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Webber: F1 needs more racing, less strategy

Red Bull Racing star Mark Webber has laid out his vision for a utopian era of F1 - 'big engines and big noise', 'more racing and less strategy'...and 'more attacking and pushing cars to the edge'.
Mark Webber has asserted that F1 needs to have 'more racing and less strategy', as he dreams of an era of 'big engines and big noise', in which pit-stops are fewer and refuelling is reintroduced, in which there is a grand prix in downtown San Francisco and in which there is 'more attacking and pushing cars to the edge'.

With the sport having swanned off on its prolonged annual summer break, its drivers have been left to relax, recharge their batteries – and perhaps daydream a little. Webber was put on the spot by the official F1 website as the Red Bull Racing star faced a variety of questions about his personal vision for the future of the top flight – and what, in an ideal world, he would resurrect from the past. It makes for interesting reading.

“I would demand less pit-stops,” he underlines. “More attacking and pushing the cars to the edge; more racing and less strategy. Bring back refuelling; it is better to drive cars that are lighter – [and engines with] 1,300 horsepower. Big engines and big noise – that is what fans relate to F1.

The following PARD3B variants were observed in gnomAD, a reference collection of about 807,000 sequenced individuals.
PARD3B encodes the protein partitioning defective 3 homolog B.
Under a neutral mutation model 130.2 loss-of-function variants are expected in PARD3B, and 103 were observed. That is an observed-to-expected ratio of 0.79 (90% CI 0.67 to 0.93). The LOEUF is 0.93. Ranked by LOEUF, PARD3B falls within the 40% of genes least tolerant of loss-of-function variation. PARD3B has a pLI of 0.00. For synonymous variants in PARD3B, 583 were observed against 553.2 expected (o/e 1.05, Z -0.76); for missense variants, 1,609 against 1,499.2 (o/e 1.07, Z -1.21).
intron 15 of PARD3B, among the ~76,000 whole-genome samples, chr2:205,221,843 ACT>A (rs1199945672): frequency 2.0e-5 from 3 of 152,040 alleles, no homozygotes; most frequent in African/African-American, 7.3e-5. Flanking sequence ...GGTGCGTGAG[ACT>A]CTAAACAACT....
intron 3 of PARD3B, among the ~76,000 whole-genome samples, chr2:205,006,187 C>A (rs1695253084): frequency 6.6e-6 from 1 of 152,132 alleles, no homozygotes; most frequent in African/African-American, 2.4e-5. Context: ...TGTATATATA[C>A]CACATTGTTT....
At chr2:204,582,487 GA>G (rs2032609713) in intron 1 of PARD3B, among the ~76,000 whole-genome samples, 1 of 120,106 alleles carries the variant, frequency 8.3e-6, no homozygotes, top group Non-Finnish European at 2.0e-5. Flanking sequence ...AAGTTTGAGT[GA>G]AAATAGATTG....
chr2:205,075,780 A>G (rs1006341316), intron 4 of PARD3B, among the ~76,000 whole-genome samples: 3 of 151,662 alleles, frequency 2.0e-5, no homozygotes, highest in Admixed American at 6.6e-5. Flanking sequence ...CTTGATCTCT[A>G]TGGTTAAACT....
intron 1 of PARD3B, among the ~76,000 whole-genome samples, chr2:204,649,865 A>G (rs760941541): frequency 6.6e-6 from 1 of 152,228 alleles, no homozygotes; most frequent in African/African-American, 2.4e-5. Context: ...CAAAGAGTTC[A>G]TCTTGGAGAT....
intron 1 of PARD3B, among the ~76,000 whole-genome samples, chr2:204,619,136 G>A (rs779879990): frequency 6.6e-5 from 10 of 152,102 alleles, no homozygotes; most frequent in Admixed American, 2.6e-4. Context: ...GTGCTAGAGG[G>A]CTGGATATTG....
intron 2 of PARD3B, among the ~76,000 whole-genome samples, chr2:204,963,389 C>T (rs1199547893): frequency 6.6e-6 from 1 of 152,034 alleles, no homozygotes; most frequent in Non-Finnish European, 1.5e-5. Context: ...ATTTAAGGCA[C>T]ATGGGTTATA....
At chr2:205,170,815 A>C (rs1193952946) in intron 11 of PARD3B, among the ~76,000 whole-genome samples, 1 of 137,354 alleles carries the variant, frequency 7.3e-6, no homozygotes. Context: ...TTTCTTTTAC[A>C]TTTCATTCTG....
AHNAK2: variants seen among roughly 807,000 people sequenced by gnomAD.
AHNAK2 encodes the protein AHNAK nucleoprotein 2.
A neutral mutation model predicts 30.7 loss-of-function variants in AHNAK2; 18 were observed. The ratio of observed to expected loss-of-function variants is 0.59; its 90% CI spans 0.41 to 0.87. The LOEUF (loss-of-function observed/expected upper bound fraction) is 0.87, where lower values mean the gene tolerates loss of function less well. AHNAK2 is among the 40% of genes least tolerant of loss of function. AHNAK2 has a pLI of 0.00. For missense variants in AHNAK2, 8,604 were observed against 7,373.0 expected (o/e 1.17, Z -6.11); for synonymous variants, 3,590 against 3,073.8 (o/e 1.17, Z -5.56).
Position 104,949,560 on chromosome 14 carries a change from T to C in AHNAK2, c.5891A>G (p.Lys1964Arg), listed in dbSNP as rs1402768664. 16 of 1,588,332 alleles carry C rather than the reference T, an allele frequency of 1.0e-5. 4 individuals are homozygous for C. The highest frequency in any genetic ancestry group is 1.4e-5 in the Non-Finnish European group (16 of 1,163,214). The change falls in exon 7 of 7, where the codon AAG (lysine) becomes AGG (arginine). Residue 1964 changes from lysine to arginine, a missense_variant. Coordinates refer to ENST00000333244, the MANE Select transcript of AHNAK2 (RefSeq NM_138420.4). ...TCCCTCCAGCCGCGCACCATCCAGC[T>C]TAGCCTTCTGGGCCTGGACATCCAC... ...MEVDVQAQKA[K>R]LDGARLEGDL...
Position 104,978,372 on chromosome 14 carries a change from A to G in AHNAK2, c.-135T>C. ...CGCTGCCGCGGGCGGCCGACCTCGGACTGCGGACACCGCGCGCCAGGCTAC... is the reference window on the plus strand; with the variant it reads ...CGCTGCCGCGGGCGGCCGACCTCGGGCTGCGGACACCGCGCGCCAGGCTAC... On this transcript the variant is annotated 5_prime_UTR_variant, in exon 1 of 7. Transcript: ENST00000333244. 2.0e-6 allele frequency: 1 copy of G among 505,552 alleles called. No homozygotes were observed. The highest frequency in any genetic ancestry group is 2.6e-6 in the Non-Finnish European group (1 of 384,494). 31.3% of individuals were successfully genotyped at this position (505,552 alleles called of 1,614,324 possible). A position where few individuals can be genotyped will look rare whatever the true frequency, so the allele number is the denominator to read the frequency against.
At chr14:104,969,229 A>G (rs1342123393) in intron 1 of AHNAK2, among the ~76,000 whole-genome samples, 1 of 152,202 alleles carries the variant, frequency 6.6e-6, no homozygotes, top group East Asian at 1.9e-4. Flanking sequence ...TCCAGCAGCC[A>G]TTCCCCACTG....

“The 1980s [were] dangerous, so drivers needed big balls – it was the era I watched on TV when I was little. To be honest, the 1950s and 1960s were a little bit extreme; the 1980s were the right time – the right balance between safety and extreme.

“I always liked going to Imola, but of course the memories of many in F1 of going there are probably not so good. In some ways, it is a bit of a 'dark track' after what happened there. Obviously, it is not the luckiest venue, but I think a lot of drivers would love to go back there for the atmosphere.

“To be honest, I always liked going to Magny-Cours, too. Even though many complained that it is in the middle of nowhere, the track layout was very nice – and I liked it because there were no groupies and no clowns walking around in their suits, it was just racing!”

Of the current circuits, the Australian rates Malaysian Grand Prix venue Sepang as his favourite – 'It's a tough race, with the conditions that are always there, but I love the track,' he enthuses – whilst his first choice for a new addition to the calendar would be San Francisco, contending that 'all those hills and jumps...would be very good, and great to watch for the fans'. And his dream track? “Eau Rouge from Spa, Copse from Silverstone – the old first corner there – and the first chicane at Magny-Cours, after the hairpin.”

Confessing that team-wise, 'it would be great to see Brabham back, if only for patriotic reasons', Webber admits he would have loved to have been able to race the ultra-dominant 1992 Williams FW14B – 'the most sophisticated grand prix car ever' – and that his ideal team-mate would have been Argentine legend Juan Manuel Fangio, albeit closely followed by current Red Bull stable-mate Sebastian Vettel.